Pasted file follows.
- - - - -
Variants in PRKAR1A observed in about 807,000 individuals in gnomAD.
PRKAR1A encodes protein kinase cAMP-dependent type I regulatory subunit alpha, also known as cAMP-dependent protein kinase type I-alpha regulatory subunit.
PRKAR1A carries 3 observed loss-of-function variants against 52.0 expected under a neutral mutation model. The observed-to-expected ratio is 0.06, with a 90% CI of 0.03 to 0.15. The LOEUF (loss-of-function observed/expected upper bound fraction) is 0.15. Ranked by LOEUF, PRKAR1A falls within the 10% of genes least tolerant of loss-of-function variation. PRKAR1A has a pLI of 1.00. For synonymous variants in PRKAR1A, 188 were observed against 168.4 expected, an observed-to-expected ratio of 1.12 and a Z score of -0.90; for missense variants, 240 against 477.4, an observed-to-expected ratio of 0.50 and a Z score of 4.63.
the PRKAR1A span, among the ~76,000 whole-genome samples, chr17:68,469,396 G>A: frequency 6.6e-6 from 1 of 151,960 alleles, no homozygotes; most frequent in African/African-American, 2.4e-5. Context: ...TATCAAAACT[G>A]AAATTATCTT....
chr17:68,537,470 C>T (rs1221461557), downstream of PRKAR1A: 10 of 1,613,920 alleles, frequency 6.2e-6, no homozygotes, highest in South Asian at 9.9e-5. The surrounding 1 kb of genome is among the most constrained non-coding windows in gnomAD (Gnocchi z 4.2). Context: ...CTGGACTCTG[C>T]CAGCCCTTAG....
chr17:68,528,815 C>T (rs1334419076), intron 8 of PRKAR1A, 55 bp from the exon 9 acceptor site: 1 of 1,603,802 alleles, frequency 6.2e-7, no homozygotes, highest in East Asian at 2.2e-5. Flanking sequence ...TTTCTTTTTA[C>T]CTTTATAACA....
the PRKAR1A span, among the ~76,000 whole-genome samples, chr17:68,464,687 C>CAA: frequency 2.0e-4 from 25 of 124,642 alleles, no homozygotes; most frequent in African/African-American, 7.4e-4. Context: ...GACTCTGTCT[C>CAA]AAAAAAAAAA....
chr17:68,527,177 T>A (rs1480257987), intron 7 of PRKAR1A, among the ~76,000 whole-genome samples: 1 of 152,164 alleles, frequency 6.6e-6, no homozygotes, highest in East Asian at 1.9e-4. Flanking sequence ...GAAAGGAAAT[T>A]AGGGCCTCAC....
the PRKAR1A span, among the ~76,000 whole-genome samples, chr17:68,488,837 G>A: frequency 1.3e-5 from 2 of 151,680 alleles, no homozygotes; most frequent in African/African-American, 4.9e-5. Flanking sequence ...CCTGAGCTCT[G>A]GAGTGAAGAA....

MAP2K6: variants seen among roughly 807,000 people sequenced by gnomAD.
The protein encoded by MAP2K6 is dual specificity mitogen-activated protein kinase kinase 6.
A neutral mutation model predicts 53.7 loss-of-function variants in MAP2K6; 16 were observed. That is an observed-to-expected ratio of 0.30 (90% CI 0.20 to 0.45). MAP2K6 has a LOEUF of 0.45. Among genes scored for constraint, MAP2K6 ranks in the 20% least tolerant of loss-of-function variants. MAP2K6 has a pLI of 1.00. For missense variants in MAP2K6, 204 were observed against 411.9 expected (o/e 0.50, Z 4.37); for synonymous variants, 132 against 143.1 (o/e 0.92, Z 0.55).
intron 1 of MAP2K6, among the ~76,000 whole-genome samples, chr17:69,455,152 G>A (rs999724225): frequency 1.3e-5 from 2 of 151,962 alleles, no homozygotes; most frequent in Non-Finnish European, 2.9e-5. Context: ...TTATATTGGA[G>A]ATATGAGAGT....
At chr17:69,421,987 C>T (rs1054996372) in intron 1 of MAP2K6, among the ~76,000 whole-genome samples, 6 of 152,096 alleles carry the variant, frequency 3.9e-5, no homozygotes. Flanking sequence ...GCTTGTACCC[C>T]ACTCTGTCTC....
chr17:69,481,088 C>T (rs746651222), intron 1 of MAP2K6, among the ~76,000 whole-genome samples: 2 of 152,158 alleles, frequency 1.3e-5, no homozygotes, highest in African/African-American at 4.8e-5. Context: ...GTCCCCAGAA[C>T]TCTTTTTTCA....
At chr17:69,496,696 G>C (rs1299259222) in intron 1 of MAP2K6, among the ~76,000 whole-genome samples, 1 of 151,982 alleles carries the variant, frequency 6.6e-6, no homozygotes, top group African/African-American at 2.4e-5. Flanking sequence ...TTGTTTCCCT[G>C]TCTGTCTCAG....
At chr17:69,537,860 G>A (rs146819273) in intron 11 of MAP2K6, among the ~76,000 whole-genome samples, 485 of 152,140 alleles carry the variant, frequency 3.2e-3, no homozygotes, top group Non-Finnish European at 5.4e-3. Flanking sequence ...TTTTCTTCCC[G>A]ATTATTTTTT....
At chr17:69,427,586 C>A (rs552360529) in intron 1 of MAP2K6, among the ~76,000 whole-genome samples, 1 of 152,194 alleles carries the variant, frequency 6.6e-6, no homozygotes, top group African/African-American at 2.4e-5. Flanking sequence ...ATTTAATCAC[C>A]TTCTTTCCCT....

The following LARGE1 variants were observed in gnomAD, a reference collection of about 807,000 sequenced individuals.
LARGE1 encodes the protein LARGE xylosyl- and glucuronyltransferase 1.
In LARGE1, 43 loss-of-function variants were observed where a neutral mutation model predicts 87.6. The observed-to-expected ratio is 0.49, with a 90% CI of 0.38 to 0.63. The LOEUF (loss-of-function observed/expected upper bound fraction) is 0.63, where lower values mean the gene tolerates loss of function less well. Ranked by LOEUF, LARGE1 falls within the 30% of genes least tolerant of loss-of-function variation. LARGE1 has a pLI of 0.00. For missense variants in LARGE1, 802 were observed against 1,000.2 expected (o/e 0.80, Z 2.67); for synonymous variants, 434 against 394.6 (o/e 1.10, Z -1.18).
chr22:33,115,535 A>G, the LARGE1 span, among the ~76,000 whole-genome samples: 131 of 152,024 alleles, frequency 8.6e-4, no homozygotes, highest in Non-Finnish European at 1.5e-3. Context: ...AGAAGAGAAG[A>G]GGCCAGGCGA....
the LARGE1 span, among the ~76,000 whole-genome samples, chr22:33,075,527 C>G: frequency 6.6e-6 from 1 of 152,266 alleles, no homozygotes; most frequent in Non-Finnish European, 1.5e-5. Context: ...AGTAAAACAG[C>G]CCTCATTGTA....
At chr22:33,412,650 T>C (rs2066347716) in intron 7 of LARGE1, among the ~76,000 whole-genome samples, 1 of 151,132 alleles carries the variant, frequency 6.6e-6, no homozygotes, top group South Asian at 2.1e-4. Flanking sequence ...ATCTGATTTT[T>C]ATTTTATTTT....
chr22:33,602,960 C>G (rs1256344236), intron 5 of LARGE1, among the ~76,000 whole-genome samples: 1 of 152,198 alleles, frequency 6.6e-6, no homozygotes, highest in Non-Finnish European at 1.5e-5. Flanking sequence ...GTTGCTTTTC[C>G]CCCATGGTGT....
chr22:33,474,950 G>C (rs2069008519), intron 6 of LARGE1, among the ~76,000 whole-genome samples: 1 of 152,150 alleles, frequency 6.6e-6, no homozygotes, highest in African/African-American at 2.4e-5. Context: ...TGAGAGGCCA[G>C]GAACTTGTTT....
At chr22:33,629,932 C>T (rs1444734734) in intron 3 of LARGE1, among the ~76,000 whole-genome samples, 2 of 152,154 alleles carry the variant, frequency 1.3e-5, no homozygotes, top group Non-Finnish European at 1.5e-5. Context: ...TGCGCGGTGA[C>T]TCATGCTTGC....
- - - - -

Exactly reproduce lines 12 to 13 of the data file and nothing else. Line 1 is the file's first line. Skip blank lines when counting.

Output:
A neutral mutation model predicts 53.7 loss-of-function variants in MAP2K6; 16 were observed. That is an observed-to-expected ratio of 0.30 (90% CI 0.20 to 0.45). MAP2K6 has a LOEUF of 0.45. Among genes scored for constraint, MAP2K6 ranks in the 20% least tolerant of loss-of-function variants. MAP2K6 has a pLI of 1.00. For missense variants in MAP2K6, 204 were observed against 411.9 expected (o/e 0.50, Z 4.37); for synonymous variants, 132 against 143.1 (o/e 0.92, Z 0.55).
intron 1 of MAP2K6, among the ~76,000 whole-genome samples, chr17:69,455,152 G>A (rs999724225): frequency 1.3e-5 from 2 of 151,962 alleles, no homozygotes; most frequent in Non-Finnish European, 2.9e-5. Context: ...TTATATTGGA[G>A]ATATGAGAGT....